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Posts Tagged ‘Brass’

Repurposing cardboard into steampunk airship gondolas – Artsmith Craftworks

09 May

One of the major activities I engage in when creating my art is repurposing everyday objects into something else. A couple of the things I repurpose the most are paper and corrugated cardboard…  simple and seemingly utilitarian materials that we all take for granted. Not me. I look at these materials with love and excitement. I’m passionate about art using repurposed materials, but at the very core of my being, I love paper and other materials made with paper, such as cardboard, fiberboard, handmade paper, recycled paper, papier mâché and on and on.

In today’s post, I include a video in which I talk about how I transform scrap corrugated cardboard into the framework of the steampunk Victorian airship gondolas I create. Once these cardboard pieces are put together, I cover them in a variety of outer skins, from wood to copper and brass to steel or other metals. Of course, what I use is not really wood or metals…it’s paper…made to look like metal. That’s just how I roll.

Enjoy!

What materials do you like to use in your art? I’d love to hear your comments! Also, please share these posts with other friends and artists you know. Let’s get a conversation started!

Stephan J. Smith is the artist and sculptor at Artsmith Craftworks in Swartz Creek, MI. Using recycled and re-purposed materials, Stephan builds a myriad of sculpted wonders, including fantastic and whimsical steampunk airships that have amazed and delighted fans for years. A passion for reusing and up-cycling found items into beautiful and amazing art is what drives Stephan to make art that both teaches and inspires. Stephan also does commissioned work and is available to do talks and classes on re-purposing/up-cycling and may be reached at ArtSmithCraft@yahoo.com or at 810-516-7381.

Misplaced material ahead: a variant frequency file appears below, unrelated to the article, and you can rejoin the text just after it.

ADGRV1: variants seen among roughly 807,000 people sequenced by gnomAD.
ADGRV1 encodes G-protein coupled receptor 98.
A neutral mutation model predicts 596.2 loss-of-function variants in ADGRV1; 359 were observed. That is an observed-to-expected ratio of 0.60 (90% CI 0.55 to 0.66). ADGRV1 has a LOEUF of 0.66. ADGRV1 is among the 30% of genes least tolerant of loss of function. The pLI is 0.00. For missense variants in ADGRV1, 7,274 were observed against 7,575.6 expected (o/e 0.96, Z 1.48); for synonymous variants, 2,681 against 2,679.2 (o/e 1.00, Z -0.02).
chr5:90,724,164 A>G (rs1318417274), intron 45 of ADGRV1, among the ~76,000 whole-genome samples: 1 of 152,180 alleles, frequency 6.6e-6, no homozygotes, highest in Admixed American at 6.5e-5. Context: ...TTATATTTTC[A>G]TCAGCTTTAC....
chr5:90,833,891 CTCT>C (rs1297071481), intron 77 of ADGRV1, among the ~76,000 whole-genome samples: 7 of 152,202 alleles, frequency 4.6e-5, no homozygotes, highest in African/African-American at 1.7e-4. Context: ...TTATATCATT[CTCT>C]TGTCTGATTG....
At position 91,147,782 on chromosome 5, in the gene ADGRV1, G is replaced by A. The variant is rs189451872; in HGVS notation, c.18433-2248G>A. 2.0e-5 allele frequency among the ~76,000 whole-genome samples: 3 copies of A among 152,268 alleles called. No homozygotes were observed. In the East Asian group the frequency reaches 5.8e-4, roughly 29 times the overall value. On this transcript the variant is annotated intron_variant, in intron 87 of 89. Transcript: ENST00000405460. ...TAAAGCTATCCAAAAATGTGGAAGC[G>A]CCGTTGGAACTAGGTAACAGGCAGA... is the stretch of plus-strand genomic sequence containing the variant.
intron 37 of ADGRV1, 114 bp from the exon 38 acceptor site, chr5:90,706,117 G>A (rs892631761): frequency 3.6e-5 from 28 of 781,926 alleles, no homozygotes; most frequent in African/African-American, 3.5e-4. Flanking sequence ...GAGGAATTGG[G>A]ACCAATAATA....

Airship Christmas ornaments

21 Dec

I recently finished two different sets of little steampunk airship Christmas ornaments for some friends of mine. I had started them awhile ago, then with the other work I was doing, I had put them on the back burner. They turned out even better than I expected and they were a huge hit; so much so that I have orders already for next year. Guess I better get busy. I’ll post links to my Etsy site once I get some finished for 2016. Set #1 is very Victorian looking with red, gold and green colors. In this set, there are two airships and one steampunk hot air balloon.

Photo of a set of three steamunk airship Christmas ornaments. Colors, red, gold and green.

Set #1 Victorian steampunk style in red, green and gold

Set #2 is a bit more grunge steampunk looking, with metallic colors and rigid gondolas…

Photo of a set of three steamunk airship Christmas ornaments. Colors, metallic copper, bronze and brass.

Set #2 Grunge steampunk style in copper, bronze and brass

Needless to say, the sets didn’t last long. They were for a party raffle and were so popular that they were separated into individual pieces, not sets, so that there were 6 prizes instead of two.

As always, I encourage comments and dialogue. Drop me a line to ask questions, make suggestions or order a custom airship of your very own and let me know what you think or the ornaments and if you want a set for next holiday season!

Stephan J. Smith is the artist and sculptor at Artsmith Craftworks in Swartz Creek, MI. Using recycled and re-purposed materials, Stephan builds a myriad of sculpted wonders, including fantastic and whimsical steampunk airships that have amazed and delighted fans for years. A passion for reusing and up-cycling found items into beautiful and amazing art is what drives Stephan to make art that both teaches and inspires. Stephan also does commissioned work and is available to do talks and classes on re-purposing/up-cycling and may be reached at ArtSmithCraft@yahoo.com or at 810-516-7381.

 

Medium sized Victorian Steampunk “Maki” airship

09 Sep